Molecular imaging allows for the visualization of changes at the cellular level in diseases such as cancer. A successful molecular imaging agent must rely on disease-selective targets and ligands that specifically interact with those targets. Unfortunately, the translation of novel target-specific ligands into the clinic has been frustratingly slow with limitations including the complex design and screening approaches for ligand identification, as well as their subsequent optimization into useful imaging agents. This review focuses on combinatorial library approaches towards addressing these two challenges, with particular focus on phage display and one-bead one-compound (OBOC) libraries. Both of these peptide-based techniques have proven successful in identifying new ligands for cancer-specific targets and some of the success stories will be highlighted. New developments in screening methodology and sequencing technology have pushed the bounds of phage display and OBOC even further, allowing for even faster and more robust discovery of novel ligands. The combination of multiple high-throughput technologies will not only allow for more accurate identification, but also faster affinity maturation, while overall streamlining the process of translating novel ligands into clinical imaging agents.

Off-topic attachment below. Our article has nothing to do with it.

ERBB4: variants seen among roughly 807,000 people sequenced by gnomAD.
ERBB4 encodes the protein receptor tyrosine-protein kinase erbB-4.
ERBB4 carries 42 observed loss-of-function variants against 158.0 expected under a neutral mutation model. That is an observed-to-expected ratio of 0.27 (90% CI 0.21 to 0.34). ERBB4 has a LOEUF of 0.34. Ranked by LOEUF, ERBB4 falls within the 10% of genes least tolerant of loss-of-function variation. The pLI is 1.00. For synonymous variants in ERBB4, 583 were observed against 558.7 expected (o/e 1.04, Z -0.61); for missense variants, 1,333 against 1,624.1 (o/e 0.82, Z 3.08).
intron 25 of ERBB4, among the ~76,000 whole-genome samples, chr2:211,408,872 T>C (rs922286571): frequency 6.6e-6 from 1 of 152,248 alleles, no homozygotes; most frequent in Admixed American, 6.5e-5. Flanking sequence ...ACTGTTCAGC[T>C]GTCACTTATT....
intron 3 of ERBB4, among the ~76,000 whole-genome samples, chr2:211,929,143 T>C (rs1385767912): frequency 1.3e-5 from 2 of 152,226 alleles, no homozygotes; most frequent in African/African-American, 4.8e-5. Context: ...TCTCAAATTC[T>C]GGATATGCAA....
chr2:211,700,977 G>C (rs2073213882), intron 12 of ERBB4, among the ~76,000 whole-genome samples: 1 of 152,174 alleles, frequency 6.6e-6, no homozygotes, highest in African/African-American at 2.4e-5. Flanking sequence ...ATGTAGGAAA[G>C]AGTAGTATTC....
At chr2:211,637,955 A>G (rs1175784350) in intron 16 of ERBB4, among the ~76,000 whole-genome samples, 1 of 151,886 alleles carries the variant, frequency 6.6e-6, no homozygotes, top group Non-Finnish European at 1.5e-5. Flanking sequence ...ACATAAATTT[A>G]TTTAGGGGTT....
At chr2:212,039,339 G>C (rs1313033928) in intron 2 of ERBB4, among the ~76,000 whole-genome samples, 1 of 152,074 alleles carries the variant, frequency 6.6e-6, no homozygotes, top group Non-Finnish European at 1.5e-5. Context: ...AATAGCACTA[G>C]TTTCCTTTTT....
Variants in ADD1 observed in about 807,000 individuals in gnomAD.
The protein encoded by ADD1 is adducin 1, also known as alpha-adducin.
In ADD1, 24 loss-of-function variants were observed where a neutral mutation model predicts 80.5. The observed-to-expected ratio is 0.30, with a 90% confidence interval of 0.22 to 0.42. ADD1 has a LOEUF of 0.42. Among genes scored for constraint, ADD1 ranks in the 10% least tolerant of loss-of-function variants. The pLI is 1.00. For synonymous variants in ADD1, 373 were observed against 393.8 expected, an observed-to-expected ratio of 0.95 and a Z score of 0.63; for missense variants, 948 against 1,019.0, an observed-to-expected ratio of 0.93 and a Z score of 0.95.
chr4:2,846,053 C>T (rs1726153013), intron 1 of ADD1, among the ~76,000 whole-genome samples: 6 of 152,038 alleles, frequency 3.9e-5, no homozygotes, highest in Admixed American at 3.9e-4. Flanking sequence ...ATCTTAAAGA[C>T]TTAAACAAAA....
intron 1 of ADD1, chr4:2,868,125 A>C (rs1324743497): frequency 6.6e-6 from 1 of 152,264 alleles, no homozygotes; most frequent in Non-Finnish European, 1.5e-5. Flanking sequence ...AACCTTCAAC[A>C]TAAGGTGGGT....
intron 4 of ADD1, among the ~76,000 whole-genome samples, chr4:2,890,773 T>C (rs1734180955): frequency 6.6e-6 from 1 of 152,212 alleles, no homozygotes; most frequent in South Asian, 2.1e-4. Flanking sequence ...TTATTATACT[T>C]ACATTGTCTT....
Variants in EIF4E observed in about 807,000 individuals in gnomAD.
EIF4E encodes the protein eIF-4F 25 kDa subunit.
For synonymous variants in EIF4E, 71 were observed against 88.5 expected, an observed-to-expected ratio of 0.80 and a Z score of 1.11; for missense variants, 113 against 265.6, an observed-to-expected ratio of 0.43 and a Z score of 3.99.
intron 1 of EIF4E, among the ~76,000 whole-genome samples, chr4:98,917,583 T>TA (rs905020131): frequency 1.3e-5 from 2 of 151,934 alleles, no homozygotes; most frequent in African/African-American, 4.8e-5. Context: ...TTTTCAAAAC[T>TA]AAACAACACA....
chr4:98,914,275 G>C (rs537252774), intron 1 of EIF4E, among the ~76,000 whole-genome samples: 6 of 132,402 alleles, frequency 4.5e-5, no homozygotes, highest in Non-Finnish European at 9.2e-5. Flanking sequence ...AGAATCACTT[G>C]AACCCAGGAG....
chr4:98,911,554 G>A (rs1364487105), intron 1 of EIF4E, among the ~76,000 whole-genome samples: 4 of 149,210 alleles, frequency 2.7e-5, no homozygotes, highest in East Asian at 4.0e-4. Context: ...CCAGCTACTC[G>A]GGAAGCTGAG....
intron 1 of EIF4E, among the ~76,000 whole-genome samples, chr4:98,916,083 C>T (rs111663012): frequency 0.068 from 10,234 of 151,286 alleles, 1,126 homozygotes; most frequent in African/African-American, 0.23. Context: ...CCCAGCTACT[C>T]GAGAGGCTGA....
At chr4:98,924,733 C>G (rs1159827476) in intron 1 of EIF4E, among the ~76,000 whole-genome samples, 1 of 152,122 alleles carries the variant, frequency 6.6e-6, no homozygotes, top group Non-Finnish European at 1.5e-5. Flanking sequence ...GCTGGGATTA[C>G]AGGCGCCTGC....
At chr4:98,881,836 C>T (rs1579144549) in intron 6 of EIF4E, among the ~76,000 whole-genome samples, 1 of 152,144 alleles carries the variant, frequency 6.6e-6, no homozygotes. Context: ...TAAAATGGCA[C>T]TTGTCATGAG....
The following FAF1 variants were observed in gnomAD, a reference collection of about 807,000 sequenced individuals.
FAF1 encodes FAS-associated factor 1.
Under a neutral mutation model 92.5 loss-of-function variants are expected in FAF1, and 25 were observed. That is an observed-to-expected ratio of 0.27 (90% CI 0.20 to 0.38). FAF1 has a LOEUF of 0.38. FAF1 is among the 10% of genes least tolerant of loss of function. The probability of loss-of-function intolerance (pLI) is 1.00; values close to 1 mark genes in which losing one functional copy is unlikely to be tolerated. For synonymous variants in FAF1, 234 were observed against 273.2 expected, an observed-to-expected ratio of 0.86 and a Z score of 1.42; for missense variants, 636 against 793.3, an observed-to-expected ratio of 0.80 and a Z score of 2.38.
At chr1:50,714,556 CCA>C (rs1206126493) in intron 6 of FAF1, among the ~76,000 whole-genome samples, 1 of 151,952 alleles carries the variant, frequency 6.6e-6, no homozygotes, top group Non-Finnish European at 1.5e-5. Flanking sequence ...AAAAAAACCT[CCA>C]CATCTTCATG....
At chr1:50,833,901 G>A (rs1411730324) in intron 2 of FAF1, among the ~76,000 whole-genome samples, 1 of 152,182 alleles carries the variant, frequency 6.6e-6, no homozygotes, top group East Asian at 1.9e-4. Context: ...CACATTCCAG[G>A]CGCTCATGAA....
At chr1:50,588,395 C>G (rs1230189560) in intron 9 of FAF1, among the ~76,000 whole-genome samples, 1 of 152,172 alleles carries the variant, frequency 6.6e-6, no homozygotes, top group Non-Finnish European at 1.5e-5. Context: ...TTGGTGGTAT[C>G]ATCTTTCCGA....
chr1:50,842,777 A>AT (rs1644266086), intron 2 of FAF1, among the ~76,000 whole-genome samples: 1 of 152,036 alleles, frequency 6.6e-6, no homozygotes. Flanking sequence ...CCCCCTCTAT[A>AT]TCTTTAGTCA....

ASJC Scopus subject areas
- Radiology Nuclear Medicine and imaging
- Cancer Research